India's manufacturing sector continued with its robust performance in November, mainly on the back of substantial easing in price pressures and strengthening demand from clients, a monthly survey said on Friday.
The strong performance of the manufacturing sector is expected to continue in 2024 as well.
The seasonally adjusted S&P Global India Manufacturing Purchasing Managers' Index (PMI) rose to 56 last month from the eight-month low level of 55.5 recorded in October.
"A key feature of the latest results was a substantial easing of price pressures.
"Although average purchasing costs rose again, the rate of inflation eased to the lowest in the current 40-month sequence of increases and was negligible by historical standards," it said.
Pollyanna De Lima, Economics Associate Director at S&P Global Market Intelligence, said India's manufacturing industry maintained its robust performance in November, with output regaining growth momentum.
Firms' ability to secure new business, both domestically and from abroad, remained central to the success of the sector.
Sustained new order growth continued to be good news for the sector's labour market, with recruitment remaining on an upward path, De Lima noted.
"Expanded capacities, rising workloads and the need to replenish stocks of finished goods collectively indicated that India's manufacturing economy is clearly in good shape as 2023 draws to a close, with expectations for a continued strong performance in 2024," De Lima said.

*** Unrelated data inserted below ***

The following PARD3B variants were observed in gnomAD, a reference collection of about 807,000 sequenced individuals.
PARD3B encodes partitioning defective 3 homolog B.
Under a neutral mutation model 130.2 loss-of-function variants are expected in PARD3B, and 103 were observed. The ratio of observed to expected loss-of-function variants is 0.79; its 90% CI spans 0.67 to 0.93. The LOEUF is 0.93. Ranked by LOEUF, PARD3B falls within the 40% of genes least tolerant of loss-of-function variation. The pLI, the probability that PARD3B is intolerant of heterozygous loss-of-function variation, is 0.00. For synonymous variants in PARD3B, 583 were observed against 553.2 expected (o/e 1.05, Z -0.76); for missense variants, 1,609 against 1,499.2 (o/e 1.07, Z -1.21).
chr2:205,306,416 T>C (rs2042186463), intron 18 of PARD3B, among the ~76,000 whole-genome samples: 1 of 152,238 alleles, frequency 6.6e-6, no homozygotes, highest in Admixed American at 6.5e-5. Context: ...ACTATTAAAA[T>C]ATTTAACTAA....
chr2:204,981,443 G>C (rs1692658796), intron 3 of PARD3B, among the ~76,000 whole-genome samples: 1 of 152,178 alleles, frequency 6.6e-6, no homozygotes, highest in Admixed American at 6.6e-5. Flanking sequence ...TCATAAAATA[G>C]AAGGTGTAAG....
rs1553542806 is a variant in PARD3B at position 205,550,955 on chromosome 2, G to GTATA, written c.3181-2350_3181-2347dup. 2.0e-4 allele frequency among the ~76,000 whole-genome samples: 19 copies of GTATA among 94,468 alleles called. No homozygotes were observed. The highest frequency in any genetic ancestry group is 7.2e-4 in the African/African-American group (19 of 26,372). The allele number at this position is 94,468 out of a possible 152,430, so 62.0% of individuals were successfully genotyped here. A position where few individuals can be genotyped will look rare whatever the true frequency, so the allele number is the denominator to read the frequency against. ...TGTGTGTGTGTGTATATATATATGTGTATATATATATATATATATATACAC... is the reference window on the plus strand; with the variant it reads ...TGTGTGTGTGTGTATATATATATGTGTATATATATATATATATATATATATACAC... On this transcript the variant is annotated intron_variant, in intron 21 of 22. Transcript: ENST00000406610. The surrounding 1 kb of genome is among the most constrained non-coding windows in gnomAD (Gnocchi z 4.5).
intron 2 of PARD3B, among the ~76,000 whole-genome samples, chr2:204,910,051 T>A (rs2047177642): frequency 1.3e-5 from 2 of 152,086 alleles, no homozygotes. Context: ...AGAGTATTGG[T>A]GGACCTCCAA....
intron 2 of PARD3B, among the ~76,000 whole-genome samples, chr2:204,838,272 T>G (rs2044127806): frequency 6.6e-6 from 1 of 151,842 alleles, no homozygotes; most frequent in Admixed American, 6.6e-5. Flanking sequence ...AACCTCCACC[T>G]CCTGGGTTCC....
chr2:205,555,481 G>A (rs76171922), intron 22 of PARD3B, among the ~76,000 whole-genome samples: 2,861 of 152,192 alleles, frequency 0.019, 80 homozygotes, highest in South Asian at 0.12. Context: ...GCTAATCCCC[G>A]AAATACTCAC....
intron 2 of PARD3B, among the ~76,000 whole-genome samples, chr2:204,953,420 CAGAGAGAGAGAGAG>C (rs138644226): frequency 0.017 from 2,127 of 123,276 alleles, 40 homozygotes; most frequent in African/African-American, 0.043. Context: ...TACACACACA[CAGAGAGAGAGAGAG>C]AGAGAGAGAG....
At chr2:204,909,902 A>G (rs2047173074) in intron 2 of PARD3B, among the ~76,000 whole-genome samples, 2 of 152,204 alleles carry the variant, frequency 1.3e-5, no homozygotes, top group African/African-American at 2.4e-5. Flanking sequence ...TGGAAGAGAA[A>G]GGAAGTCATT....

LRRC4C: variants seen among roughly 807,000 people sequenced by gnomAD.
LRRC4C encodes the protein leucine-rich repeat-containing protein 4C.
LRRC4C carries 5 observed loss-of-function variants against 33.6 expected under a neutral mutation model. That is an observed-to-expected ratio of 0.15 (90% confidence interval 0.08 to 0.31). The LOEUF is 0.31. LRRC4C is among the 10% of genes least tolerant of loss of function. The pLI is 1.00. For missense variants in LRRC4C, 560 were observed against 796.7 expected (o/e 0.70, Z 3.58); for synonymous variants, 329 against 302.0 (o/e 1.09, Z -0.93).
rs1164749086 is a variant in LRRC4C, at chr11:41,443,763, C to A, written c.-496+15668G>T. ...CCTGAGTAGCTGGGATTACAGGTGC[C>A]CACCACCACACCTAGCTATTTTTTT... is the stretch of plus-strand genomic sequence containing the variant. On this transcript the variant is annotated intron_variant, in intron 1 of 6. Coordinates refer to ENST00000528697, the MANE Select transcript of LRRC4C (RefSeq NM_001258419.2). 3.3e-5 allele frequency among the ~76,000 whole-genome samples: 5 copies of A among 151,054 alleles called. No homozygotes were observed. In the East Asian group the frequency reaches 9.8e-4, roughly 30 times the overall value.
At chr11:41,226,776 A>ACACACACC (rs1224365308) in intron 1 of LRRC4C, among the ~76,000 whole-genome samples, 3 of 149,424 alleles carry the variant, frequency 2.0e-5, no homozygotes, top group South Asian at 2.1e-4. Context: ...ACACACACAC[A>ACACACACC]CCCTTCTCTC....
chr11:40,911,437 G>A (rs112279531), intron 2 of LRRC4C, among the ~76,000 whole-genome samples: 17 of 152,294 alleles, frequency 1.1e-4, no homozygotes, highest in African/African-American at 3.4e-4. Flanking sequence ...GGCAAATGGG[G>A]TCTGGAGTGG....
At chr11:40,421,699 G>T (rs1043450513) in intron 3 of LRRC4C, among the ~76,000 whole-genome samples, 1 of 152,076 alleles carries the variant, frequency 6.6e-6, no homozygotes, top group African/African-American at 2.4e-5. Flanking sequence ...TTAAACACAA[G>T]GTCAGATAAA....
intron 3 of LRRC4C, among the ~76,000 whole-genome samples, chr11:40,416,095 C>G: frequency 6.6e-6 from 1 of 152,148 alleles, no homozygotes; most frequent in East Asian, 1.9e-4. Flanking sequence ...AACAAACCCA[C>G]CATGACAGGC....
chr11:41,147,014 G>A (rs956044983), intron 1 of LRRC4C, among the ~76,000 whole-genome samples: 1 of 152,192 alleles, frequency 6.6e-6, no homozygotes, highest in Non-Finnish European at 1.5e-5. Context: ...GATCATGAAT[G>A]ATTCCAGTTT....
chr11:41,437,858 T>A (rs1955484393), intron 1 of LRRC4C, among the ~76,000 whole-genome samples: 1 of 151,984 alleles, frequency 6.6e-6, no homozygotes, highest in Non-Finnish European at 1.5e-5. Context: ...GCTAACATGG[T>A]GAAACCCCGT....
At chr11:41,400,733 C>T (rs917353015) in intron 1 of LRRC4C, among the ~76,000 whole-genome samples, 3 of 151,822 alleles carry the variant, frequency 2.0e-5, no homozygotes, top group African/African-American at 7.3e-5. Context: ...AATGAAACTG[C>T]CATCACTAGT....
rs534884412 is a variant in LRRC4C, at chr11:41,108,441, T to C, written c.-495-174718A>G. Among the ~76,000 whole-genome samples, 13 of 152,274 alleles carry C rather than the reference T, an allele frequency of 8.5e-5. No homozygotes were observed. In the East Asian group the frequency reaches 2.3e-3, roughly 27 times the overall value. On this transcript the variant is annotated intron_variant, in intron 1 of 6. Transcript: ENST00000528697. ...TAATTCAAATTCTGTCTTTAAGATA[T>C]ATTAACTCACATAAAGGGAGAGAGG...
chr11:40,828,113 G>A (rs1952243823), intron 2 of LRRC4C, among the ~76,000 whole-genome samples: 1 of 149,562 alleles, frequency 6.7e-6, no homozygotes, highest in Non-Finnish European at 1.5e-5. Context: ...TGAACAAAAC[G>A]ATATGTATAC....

The survey is prepared by S&P Global based on responses to questionnaires sent to purchasing managers in a panel of around 400 manufacturers.
After slowing in October, growth of output gathered pace as strengthening client demand and more favourable input supply boosted production volumes, the survey said.
Inflationary pressures retreated, with purchase costs rising at the weakest pace since the current sequence of increases began in August 2020.
Charges rose modestly, as the vast majority of firms opted to leave their fees unchanged since October, it said.
In PMI parlance, a print above 50 means expansion while a score below 50 denotes contraction.
De Lima also said that prices for raw materials and components still rose in November but improved availability at suppliers amid subdued global demand for inputs led to a considerable retreat in cost pressures.
"Some concerns over prices increasing in the near-term were reflected in the data for business sentiment, but there was also a softer uptick in output charges amid a reduced inflationary environment," De Lima added.